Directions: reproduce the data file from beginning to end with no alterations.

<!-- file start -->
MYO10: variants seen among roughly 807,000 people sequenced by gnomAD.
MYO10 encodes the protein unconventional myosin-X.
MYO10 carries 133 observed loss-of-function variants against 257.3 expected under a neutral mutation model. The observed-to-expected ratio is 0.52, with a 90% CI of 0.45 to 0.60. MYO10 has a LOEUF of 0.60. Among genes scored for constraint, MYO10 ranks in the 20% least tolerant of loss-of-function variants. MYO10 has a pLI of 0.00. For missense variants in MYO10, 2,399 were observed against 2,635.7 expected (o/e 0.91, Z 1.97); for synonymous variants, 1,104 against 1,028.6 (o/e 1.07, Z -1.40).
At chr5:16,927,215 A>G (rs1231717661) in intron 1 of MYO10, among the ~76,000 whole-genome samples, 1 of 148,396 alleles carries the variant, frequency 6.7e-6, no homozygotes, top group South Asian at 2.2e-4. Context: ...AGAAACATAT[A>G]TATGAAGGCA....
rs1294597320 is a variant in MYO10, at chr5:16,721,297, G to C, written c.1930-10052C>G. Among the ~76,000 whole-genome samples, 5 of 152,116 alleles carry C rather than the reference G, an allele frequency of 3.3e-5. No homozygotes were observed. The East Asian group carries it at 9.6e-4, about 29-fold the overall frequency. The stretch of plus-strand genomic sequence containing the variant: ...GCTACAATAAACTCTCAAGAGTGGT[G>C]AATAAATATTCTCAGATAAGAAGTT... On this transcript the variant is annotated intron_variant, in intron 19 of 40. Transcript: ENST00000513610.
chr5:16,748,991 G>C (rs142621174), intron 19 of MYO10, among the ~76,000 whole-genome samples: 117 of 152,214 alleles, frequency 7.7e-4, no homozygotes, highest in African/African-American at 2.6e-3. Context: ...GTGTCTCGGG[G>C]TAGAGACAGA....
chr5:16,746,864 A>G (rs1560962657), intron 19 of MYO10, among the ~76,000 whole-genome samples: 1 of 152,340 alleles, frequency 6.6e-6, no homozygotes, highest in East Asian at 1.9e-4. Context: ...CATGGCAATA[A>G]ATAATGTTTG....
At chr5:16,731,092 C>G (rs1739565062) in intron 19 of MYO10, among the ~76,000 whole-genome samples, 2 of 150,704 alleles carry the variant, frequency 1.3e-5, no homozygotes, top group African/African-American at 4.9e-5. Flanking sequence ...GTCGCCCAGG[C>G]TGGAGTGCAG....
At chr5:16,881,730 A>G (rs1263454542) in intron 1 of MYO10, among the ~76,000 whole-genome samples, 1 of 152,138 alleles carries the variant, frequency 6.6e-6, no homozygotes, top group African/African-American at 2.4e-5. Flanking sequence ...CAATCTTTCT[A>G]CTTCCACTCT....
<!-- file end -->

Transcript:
MYO10: variants seen among roughly 807,000 people sequenced by gnomAD.
MYO10 encodes the protein unconventional myosin-X.
MYO10 carries 133 observed loss-of-function variants against 257.3 expected under a neutral mutation model. The observed-to-expected ratio is 0.52, with a 90% CI of 0.45 to 0.60. MYO10 has a LOEUF of 0.60. Among genes scored for constraint, MYO10 ranks in the 20% least tolerant of loss-of-function variants. MYO10 has a pLI of 0.00. For missense variants in MYO10, 2,399 were observed against 2,635.7 expected (o/e 0.91, Z 1.97); for synonymous variants, 1,104 against 1,028.6 (o/e 1.07, Z -1.40).
At chr5:16,927,215 A>G (rs1231717661) in intron 1 of MYO10, among the ~76,000 whole-genome samples, 1 of 148,396 alleles carries the variant, frequency 6.7e-6, no homozygotes, top group South Asian at 2.2e-4. Context: ...AGAAACATAT[A>G]TATGAAGGCA....
rs1294597320 is a variant in MYO10, at chr5:16,721,297, G to C, written c.1930-10052C>G. Among the ~76,000 whole-genome samples, 5 of 152,116 alleles carry C rather than the reference G, an allele frequency of 3.3e-5. No homozygotes were observed. The East Asian group carries it at 9.6e-4, about 29-fold the overall frequency. The stretch of plus-strand genomic sequence containing the variant: ...GCTACAATAAACTCTCAAGAGTGGT[G>C]AATAAATATTCTCAGATAAGAAGTT... On this transcript the variant is annotated intron_variant, in intron 19 of 40. Transcript: ENST00000513610.
chr5:16,748,991 G>C (rs142621174), intron 19 of MYO10, among the ~76,000 whole-genome samples: 117 of 152,214 alleles, frequency 7.7e-4, no homozygotes, highest in African/African-American at 2.6e-3. Context: ...GTGTCTCGGG[G>C]TAGAGACAGA....
chr5:16,746,864 A>G (rs1560962657), intron 19 of MYO10, among the ~76,000 whole-genome samples: 1 of 152,340 alleles, frequency 6.6e-6, no homozygotes, highest in East Asian at 1.9e-4. Context: ...CATGGCAATA[A>G]ATAATGTTTG....
At chr5:16,731,092 C>G (rs1739565062) in intron 19 of MYO10, among the ~76,000 whole-genome samples, 2 of 150,704 alleles carry the variant, frequency 1.3e-5, no homozygotes, top group African/African-American at 4.9e-5. Flanking sequence ...GTCGCCCAGG[C>G]TGGAGTGCAG....
At chr5:16,881,730 A>G (rs1263454542) in intron 1 of MYO10, among the ~76,000 whole-genome samples, 1 of 152,138 alleles carries the variant, frequency 6.6e-6, no homozygotes, top group African/African-American at 2.4e-5. Flanking sequence ...CAATCTTTCT[A>G]CTTCCACTCT....